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Mr Free At 33

This Guy Retired In His 30s And Lives Off Dividends In Thailand

Broke and unemployed at age 27, Jason Fieber – a.k.a. Mr Free At 33 – moved to Florida, found a job at a car dealership, and began saving and investing like there were plenty of tomorrows.

By 33 years of age he had become financially independent, enabling him to quit his job, move to Thailand, and live comfortably off his dividend income.

Business Breakdown
Average Revenue 24
Average Profit 25
Time In Business 26
108 months
$0 → $1k/month 27
96 months
Starting Capital 28
Workload 29
1 hours/week
eBiz Purity 30

All info self-reported by Mr Free At 33.
Case study published March 21, 2019.

Revenue, Profit, Monetization

Average Revenue 37
Average Profit 38
Monetization 39


Jason told us via email:

I earn dividends from the shares I own in over 100 different world-class businesses. Most pay dividends quarterly. Some monthly or bi-annually.

I also earn money from various online businesses, but I don’t consider any of that income passive. Dividend income is truly passive because I get paid without any action on my part. And since I invest in companies that grow their profit and dividends, my passive dividend income continues to grow and compound fairly quickly.

As of March 2019, Jason’s portfolio was worth $386,263.

View his full portfolio here.

$0 → $1k/month

$0 → $1k/month 40
96 months

I first started investing in the spring of 2010. I hit $12,000 in dividend income annually in February 2018.

However, I quit my job in 2014, at 32 years old. And I stopped aggressively investing new money in the spring of 2016, once passive income started to exceed expenses. So the last three years have been mostly organic passive dividend income growth.

$1k/month could have been achieved much faster. But my life isn’t about accumulating ever-more money. I never aimed to be the richest guy in the cemetery. I wanted to quit my job, be financially independent, and live my life on my terms. I just wanted to be free and happy.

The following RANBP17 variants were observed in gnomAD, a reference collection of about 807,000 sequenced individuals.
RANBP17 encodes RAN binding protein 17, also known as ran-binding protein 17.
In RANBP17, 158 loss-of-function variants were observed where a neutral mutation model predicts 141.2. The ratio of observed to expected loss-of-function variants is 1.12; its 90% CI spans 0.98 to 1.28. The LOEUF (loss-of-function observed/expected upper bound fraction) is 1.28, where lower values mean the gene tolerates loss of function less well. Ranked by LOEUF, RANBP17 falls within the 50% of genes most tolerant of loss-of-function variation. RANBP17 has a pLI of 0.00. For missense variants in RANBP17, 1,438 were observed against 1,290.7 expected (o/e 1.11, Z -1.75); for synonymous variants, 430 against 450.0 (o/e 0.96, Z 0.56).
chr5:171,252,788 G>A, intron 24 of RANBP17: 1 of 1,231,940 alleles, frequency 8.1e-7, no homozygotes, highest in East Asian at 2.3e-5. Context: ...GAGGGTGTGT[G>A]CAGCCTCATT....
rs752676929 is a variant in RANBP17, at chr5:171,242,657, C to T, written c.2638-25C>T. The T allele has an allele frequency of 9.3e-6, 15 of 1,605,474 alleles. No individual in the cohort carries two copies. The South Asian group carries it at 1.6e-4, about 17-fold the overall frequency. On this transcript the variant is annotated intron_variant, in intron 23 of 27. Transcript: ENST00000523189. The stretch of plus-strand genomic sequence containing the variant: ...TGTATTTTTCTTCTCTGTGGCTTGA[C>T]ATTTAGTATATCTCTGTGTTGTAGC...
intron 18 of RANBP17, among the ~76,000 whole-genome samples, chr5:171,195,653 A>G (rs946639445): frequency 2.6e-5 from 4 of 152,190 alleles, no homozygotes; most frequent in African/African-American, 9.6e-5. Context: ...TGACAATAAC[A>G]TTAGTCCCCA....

Time In Business

Time In Business 41
108 months

I first started investing in the spring of 2010. So I’m about nine years into it, although I stopped aggressively adding new capital to my portfolio three years ago.

My income continues to grow all by itself because of the nature of the businesses I invest in.

Starting Capital

I started the portfolio with $5,000 in the spring of 2010. I then saved/invested 50% to 70% of my net income every month for about six years so that I could quit my job, retire, and live off of passive income at a very young age.


Workload 43
1 hours/week

I don’t believe I spend more than an hour per week checking over the 100+ businesses I own a slice of. I don’t need to babysit the likes of Johnson & Johnson, Coca-Cola, and Apple.

eBiz Purity

I can collect and spend dividend income anywhere in the world.


  • Control – 0.5/1
    Jason has no influence over the performance of any of the stocks in his portfolio, but he’s so well diversified that he’s not at the mercy of any one company.
  • Entry – 1/1
    Jason notes that there are almost no barriers to entry as regards investing, but competition isn’t a factor here so full marks.
  • Need – 0.5/1
    Public companies need investors buying stocks, and Jason fills that role. However, none would likely miss him if he sold all his stocks tomorrow.
  • Time – 1/1
    Jason’s dividend income stream is almost entirely passive. He spends less than one hour per week checking his investments.
  • Scalability – 1/1

What’s great about investing in high-quality companies is that there is theoretically no ceiling to your potential. Stocks have unlimited upside. It scales indefinitely. My portfolio will continue to compound, even with no input from me, and eventually turn me into a multi-millionaire.


These companies continue to sell products/services, produce profit, and pay me my growing dividend income no matter what I do. It requires no action on my part.

Key Skills

What kind of skills should you develop to emulate Jason’s success?
I would say the primary skill I have as an investor is the ability to reasonably judge a company’s potential and intrinsic value. Also, I’m not an emotional person. Stock prices themselves can be quite volatile, even if growing dividends aren’t. Some people aren’t suited for that volatility due to the emotional toll it might take on them.

Want To Follow In Jason’s Footsteps?

Check out these resources: Below is a December 2018 video interview with Jason about blogging, investing and retiring in Thailand.
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